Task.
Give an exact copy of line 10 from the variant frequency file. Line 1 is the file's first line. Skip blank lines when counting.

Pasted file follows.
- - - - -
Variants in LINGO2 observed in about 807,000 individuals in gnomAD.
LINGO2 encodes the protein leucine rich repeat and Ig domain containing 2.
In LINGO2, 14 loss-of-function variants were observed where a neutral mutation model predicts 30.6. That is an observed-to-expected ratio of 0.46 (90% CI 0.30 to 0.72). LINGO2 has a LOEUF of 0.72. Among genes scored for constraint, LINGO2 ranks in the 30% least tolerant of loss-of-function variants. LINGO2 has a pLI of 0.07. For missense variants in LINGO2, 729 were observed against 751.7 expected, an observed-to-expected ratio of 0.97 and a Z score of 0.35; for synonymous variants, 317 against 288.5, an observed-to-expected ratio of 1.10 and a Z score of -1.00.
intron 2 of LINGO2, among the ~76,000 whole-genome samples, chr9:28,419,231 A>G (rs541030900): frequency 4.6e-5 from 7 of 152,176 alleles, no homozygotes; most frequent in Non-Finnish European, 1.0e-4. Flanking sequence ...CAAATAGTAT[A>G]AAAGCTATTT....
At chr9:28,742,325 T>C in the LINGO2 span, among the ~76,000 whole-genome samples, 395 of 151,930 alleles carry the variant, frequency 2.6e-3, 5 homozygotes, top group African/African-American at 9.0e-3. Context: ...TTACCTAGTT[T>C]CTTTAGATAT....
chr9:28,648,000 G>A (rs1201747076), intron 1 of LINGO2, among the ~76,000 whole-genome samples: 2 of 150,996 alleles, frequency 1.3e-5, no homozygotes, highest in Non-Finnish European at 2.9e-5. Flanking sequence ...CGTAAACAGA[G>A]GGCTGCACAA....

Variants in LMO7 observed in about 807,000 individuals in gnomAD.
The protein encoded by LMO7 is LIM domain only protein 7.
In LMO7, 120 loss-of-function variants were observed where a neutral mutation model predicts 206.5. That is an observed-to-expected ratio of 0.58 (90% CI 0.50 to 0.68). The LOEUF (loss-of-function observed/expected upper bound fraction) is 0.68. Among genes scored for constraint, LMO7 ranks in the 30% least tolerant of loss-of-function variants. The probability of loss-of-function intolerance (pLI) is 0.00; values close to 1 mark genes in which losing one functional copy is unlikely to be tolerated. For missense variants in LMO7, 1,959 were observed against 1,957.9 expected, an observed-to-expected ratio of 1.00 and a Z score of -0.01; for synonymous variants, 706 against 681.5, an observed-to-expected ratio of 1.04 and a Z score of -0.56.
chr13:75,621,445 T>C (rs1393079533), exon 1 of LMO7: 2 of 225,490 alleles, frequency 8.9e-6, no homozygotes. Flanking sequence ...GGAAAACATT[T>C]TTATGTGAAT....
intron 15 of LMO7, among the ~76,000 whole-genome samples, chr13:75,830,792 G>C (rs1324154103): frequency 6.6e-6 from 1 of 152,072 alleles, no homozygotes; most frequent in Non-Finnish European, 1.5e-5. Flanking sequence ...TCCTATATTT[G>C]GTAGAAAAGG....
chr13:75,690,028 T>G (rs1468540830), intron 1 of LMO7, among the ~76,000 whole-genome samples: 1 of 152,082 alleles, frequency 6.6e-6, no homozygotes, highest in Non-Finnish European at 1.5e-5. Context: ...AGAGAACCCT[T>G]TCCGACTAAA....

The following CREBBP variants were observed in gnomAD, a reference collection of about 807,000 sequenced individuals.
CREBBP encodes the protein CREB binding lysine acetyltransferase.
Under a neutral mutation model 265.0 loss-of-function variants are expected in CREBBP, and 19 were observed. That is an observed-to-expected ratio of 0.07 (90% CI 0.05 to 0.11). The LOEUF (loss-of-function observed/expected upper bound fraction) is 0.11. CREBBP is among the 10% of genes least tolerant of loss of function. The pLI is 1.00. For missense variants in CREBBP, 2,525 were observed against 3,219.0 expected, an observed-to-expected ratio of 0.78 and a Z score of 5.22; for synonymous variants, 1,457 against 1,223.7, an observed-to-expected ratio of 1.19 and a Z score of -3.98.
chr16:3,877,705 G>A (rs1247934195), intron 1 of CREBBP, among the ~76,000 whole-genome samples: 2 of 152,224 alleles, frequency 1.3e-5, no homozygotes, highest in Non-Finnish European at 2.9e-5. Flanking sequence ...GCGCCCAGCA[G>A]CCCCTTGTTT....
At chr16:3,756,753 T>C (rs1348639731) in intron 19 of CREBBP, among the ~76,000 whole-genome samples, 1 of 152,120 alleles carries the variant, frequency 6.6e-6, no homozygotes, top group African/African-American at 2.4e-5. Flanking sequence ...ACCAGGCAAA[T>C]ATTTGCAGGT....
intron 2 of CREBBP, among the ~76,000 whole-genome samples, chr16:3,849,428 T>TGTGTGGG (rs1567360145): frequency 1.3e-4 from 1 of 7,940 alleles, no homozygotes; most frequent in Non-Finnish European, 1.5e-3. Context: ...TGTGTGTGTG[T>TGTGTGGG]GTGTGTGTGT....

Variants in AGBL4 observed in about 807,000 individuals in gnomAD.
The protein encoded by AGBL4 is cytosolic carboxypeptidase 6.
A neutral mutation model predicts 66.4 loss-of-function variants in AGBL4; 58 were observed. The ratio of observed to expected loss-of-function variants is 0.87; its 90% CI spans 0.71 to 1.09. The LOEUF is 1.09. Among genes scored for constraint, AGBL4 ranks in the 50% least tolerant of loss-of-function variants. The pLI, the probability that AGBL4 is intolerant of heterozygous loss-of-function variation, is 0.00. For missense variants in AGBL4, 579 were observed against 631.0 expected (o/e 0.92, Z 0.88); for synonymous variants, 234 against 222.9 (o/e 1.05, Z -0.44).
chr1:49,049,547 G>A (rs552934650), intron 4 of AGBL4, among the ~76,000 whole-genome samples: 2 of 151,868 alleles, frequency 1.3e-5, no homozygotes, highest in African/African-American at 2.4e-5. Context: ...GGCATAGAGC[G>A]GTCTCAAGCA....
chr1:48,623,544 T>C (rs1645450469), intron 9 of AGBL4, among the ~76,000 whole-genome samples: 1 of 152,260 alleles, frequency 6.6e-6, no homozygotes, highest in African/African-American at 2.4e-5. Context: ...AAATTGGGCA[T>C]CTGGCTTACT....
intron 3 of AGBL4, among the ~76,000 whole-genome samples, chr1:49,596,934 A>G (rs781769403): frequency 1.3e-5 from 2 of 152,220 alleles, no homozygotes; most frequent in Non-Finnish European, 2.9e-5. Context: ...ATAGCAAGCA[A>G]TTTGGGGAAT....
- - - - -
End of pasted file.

chr13:75,621,445 T>C (rs1393079533), exon 1 of LMO7: 2 of 225,490 alleles, frequency 8.9e-6, no homozygotes. Flanking sequence ...GGAAAACATT[T>C]TTATGTGAAT....